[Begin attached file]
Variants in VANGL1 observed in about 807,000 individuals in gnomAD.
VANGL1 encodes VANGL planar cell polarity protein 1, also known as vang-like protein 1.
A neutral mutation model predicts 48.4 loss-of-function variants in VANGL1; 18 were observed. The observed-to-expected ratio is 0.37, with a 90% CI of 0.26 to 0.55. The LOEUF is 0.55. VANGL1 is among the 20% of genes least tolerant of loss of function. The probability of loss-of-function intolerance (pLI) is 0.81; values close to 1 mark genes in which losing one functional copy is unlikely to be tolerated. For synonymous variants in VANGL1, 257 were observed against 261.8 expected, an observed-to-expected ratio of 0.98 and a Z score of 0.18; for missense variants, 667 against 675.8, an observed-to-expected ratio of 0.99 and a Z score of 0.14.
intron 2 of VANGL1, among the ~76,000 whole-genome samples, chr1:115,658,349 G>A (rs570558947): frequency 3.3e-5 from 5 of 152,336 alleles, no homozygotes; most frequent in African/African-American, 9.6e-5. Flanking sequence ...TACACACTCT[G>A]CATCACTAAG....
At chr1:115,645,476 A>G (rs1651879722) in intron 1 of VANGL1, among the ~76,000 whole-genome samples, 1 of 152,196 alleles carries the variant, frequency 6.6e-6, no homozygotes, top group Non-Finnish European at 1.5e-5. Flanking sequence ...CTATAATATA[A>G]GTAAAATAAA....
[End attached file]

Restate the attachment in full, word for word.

Variants in VANGL1 observed in about 807,000 individuals in gnomAD.
VANGL1 encodes VANGL planar cell polarity protein 1, also known as vang-like protein 1.
A neutral mutation model predicts 48.4 loss-of-function variants in VANGL1; 18 were observed. The observed-to-expected ratio is 0.37, with a 90% CI of 0.26 to 0.55. The LOEUF is 0.55. VANGL1 is among the 20% of genes least tolerant of loss of function. The probability of loss-of-function intolerance (pLI) is 0.81; values close to 1 mark genes in which losing one functional copy is unlikely to be tolerated. For synonymous variants in VANGL1, 257 were observed against 261.8 expected, an observed-to-expected ratio of 0.98 and a Z score of 0.18; for missense variants, 667 against 675.8, an observed-to-expected ratio of 0.99 and a Z score of 0.14.
intron 2 of VANGL1, among the ~76,000 whole-genome samples, chr1:115,658,349 G>A (rs570558947): frequency 3.3e-5 from 5 of 152,336 alleles, no homozygotes; most frequent in African/African-American, 9.6e-5. Flanking sequence ...TACACACTCT[G>A]CATCACTAAG....
At chr1:115,645,476 A>G (rs1651879722) in intron 1 of VANGL1, among the ~76,000 whole-genome samples, 1 of 152,196 alleles carries the variant, frequency 6.6e-6, no homozygotes, top group Non-Finnish European at 1.5e-5. Flanking sequence ...CTATAATATA[A>G]GTAAAATAAA....